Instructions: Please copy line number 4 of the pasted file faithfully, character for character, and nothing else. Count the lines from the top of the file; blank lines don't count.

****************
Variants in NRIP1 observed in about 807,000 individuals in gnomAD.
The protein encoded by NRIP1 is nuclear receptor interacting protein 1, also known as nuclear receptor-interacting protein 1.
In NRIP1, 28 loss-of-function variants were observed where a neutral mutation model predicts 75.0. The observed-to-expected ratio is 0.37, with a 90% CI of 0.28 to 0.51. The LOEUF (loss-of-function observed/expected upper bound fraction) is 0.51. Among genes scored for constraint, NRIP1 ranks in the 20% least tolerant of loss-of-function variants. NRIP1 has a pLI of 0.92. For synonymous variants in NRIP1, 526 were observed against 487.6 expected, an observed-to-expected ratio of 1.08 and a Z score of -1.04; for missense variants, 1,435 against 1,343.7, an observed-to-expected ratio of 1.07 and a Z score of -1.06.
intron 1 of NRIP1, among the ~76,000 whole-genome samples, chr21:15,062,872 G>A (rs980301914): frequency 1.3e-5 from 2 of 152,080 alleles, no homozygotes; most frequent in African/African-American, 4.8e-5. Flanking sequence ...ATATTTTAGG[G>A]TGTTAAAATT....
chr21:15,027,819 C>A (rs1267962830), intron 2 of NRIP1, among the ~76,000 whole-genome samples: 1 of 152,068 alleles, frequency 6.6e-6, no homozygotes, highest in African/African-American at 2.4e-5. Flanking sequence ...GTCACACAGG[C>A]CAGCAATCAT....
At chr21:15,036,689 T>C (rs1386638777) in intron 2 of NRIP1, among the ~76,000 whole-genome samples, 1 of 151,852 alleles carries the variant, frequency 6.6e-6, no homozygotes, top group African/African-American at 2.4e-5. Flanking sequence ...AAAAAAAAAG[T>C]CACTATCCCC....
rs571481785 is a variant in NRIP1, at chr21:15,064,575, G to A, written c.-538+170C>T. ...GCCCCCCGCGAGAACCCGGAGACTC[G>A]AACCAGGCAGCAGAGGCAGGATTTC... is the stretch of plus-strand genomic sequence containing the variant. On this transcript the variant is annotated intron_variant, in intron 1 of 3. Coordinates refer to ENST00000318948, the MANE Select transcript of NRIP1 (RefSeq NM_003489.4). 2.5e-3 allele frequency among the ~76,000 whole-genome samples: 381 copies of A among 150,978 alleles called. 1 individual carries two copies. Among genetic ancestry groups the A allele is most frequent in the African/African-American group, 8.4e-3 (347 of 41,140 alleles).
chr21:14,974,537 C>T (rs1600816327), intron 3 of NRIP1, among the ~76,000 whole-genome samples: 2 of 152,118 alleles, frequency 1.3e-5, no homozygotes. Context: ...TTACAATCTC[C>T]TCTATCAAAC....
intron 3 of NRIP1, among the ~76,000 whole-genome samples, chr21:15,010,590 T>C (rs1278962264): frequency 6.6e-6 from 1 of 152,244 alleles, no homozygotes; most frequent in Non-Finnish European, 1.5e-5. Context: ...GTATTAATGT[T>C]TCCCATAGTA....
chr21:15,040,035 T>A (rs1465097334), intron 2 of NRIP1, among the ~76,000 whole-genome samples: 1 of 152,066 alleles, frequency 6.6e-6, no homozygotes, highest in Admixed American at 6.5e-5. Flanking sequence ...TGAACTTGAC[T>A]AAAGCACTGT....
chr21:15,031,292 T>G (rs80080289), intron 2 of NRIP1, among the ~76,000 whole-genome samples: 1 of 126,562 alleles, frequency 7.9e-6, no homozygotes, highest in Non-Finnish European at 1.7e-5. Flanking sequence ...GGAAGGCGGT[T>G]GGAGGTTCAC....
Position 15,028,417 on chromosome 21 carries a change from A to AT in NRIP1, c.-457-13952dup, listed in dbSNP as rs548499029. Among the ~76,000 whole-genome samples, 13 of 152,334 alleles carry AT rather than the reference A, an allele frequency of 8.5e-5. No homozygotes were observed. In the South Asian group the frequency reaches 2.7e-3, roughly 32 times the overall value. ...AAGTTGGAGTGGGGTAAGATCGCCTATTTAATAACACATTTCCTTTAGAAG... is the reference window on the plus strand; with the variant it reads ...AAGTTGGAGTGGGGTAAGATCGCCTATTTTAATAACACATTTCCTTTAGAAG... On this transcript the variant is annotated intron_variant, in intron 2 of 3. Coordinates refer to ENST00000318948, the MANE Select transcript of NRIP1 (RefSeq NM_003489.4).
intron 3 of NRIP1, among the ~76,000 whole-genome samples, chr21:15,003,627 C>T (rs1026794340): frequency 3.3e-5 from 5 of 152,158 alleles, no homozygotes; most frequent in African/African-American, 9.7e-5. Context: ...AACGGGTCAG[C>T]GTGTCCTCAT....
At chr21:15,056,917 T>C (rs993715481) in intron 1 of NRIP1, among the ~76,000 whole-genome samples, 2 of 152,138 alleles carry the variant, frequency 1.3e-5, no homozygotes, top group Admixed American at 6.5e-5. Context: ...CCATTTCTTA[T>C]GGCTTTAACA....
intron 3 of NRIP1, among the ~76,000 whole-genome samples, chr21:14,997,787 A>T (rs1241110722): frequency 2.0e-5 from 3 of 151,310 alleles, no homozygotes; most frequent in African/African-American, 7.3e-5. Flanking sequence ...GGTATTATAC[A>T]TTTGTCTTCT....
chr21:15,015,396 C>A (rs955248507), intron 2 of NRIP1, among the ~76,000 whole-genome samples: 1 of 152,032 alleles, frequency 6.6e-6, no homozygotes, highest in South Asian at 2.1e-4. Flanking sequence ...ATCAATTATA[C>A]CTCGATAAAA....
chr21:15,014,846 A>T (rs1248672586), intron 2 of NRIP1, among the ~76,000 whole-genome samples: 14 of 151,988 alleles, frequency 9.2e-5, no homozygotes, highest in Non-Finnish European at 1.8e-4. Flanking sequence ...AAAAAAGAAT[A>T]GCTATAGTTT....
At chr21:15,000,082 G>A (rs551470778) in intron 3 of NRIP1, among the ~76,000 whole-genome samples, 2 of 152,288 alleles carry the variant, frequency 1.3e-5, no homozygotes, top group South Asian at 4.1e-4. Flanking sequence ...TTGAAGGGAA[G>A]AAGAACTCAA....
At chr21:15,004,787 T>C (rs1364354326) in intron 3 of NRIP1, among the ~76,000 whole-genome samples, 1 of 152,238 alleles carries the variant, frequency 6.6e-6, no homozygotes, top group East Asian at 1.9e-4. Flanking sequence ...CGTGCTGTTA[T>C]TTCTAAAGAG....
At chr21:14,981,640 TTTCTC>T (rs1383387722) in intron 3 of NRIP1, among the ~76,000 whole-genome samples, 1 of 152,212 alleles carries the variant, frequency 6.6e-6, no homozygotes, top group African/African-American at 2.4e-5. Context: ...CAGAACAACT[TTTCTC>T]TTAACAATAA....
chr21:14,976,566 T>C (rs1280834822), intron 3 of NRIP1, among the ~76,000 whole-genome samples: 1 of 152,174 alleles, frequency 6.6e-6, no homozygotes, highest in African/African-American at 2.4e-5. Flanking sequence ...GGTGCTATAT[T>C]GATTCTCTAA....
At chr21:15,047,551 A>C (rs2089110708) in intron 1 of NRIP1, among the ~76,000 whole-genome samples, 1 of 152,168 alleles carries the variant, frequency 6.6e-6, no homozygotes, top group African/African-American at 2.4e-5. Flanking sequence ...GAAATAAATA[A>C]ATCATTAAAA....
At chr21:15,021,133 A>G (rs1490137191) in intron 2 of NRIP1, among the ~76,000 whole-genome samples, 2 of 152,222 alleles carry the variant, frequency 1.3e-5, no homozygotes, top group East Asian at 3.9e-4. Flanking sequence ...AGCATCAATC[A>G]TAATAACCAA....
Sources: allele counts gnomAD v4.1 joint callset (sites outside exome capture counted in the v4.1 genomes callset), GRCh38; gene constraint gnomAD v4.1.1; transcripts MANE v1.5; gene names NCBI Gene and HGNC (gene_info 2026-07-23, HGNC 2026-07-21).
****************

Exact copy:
intron 1 of NRIP1, among the ~76,000 whole-genome samples, chr21:15,062,872 G>A (rs980301914): frequency 1.3e-5 from 2 of 152,080 alleles, no homozygotes; most frequent in African/African-American, 4.8e-5. Flanking sequence ...ATATTTTAGG[G>A]TGTTAAAATT....